I’m finding it incredibly easy to live in Israel. Compared to other countries I’ve lived in, Israel is just accessible.
1) There excellent infrastructure, from well-constructed buildings, to an operational government, to (most importantly) good roads. Those of you who know me probably know of my intense love for public transport, born out of an almost complete lack of mobility when I lived in Kurdistan. In Kurdistan, buses ran to some places sometimes. They’d leave when they were full, which meant you could be sitting on a half-full bus for 2 hours until gradually all the passengers abandoned hope and left for home, deciding that the trip wasn’t worth waiting all day for, leaving you sitting alone on a bus which had no chance of leaving and beginning to think that spending the weekend in your apartment with a cup of tea actually did sound like quite an exciting adventure.
Israel has trains and buses to everywhere. Direct, connecting, multi-staged. You can get anywhere. And if there’s a leg of your trip that you somehow can’t complete by public transport, you can hitchhike the rest of the way. Despite what everyone says, I’ve found hitchhiking in Israel (if you’re smart about it, of course) to be easy and relatively safe. I’d probably use it for short distances, although last winter I did hitchhike from Eilat to Jerusalem without a problem.
Israel is a small, and the network of roads spiderwebbing the country is fabulous.
2) You can do anything here. Seriously, anything.
Yesterday I took the train (LOVE trains!) down to Tel Aviv and I ran the 10K in the Tel Aviv Marathon. My cousin here is a windsurfer/cyclist/hiker, and there are surf/sail/paddleboard lessons on my kibbutz. There’s diving in the Red Sea as well as in Caesarea on the Mediterranean coast, huge expanses of beaches, and even a ski resort on Mount Hermon (when Israel gets enough snow – this past winter was miserable). All the hiking trails – ALL of them – are marked, and there’s a train running the entire North-South distance through the country, called the Israel National Trail, which I want badly to hike this fall.
And that’s just a fraction of the outdoor activities.
There are clubs and bars in the cities, concerts and plays, schools, markets, historical sites galore, and all the culture you can stand.
Needless to say, I don’t get much sleep nowadays.
3) Israel is FRIENDLY and HOSPITABLE. This is not a combination I’ve often found. Many places are one or the other. Kurdistan was extremely hospitable, and extremely unfriendly. Kurds would give me gifts (here’s a past post about Kurdish gift-giving), and readily invite me into their home for huge meals and conversation (like the time I was adopted in Halabja). Kurds show up at others’ homes without announcement, so you always have to be ready to entertain. It’s very social, and long meals and guest-pampering are some of the core elements of the culture. Yet, despite feeling welcome in their homes, I never felt like a had a real Kurdish friend. I was too much of an outsider, and I often felt more like a curiosity than a friend when I was invited into a Kurdish home.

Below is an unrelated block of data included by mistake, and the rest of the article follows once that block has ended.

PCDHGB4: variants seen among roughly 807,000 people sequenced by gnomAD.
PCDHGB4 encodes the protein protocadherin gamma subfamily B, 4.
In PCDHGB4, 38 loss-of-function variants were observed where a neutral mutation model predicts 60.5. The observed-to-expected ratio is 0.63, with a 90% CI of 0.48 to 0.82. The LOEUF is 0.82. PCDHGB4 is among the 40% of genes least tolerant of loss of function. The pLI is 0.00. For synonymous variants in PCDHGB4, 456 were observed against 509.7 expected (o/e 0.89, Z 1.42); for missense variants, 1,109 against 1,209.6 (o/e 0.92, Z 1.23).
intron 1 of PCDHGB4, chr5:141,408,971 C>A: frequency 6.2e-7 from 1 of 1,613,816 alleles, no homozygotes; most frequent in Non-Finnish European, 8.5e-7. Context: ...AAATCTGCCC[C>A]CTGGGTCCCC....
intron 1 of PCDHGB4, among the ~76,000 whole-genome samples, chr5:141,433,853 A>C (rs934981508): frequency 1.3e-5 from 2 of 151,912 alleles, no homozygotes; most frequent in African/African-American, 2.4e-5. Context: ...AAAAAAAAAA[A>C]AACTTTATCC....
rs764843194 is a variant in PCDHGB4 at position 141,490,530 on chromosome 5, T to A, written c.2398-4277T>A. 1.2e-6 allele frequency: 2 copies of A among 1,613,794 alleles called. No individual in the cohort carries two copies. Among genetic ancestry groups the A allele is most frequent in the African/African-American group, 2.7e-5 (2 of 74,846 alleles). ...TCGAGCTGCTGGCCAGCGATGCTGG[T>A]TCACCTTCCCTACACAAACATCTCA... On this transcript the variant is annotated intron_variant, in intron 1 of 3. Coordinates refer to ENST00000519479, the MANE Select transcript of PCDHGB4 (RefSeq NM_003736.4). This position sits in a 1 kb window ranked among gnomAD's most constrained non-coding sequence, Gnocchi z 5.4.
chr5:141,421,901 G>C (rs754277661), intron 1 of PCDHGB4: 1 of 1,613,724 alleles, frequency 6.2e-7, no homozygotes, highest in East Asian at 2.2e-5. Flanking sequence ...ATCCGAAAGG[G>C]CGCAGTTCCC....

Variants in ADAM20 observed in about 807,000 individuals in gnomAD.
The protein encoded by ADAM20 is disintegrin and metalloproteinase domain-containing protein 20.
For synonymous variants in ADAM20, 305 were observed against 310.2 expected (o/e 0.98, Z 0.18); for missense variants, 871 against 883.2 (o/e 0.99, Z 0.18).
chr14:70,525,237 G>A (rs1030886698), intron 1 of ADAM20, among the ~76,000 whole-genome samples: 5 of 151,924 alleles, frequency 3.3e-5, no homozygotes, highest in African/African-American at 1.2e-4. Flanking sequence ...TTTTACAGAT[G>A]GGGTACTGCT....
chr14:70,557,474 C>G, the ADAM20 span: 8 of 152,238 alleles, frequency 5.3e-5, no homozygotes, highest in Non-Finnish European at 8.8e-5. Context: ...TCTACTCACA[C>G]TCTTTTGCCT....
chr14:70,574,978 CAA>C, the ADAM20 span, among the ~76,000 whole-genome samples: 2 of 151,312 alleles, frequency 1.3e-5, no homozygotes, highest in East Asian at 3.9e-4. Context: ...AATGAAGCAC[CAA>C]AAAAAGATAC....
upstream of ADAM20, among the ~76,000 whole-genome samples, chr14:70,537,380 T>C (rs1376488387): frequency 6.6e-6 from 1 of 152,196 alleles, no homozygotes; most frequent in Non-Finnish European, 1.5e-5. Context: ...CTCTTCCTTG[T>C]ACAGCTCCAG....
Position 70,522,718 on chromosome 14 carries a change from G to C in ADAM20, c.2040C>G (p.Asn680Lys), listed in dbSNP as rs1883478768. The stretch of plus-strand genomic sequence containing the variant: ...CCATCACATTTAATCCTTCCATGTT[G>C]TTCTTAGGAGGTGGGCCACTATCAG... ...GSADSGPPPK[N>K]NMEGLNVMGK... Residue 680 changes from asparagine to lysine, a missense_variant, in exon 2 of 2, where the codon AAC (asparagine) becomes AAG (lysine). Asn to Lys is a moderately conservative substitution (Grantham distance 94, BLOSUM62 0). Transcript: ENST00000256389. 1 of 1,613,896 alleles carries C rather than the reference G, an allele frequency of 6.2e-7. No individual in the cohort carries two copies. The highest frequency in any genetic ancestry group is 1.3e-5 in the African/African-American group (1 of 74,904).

The United States, on the other hand, is quite friendly but not all that hospitable. We are very polite and don’t often say was we mean, instead trying to get what we want through a manipulation of subtle verbal cues and body language. If someone is straightforward, they are often labeled “bossy” or “aggressive.” (Mind you, I did grow up on the West Coast, so some of you East Coasters might disagree with me.) But rarely do Americans invite a stranger into their house for a meal, or even have people over spur-of-the-moment. We prefer to prepare our homes and ourselves, and put on a presentation for guests. We deeply value our privacy, which means that unexpected guests are often unwelcome ones.
In Israel, it seems like entertaining guests is a priority. Everyone crashes on everyone’s couches, and everyone has food and an extra set of linens set aside for guests. I feel genuinely welcome in Israeli homes, even if my connection with the host is tenuous at best. I’ve been adopted by a family on my kibbutz, after I complemented my now-momma’s Rudy Project sunglasses and we got to talking about bike racing. Now I go over to her house twice a week and eat, play with her kids, watch Israeli television, and she even entered me in the race I ran yesterday. I men some distant family in Tel Aviv, and I’m currently staying with them for the weekend. Now I know most everyone – cousin Mendy, his wife Ronit and her parents, Mendy’s 3 children and their partners, and his 4 grandsons. I had Shabbat dinner with them last night, and Shabbat brunch with them 2 weeks ago.
I am quite conscious, however, that this isn’t a blanket hospitality – I have a distinct advantage in this country because my mother is Jewish. I share this quality with nearly the entire country, and this recommends me to Israelis. As my coach told me and some young men (both ulpanists and kibbutzniks) last week, “We are all Jewish. So no fighting here. We are all family.” And I can’t lie, I love being accepted as family. But while I am deeply enjoying this unique experience of travelling without feeling like an outsider, I am aware that it often hinges on my Jewishness. And I’m not sure how I feel about that. For now, I am so busy with school/work/running/friends/travel that I am setting aside the issue. But “just don’t think about it!” is never the best solution to a problem. It’s a mind problem to chew on for a while, until I get the chance to explore other parts of Israel, not only the well-to-do Jewish communities I have been in so far.
But so far, being a month into my life here in Israel, I am happy. Busy and tired and sore and over-socialized, and extremely happy. And be assured that, of course, I’m well taken-care-of.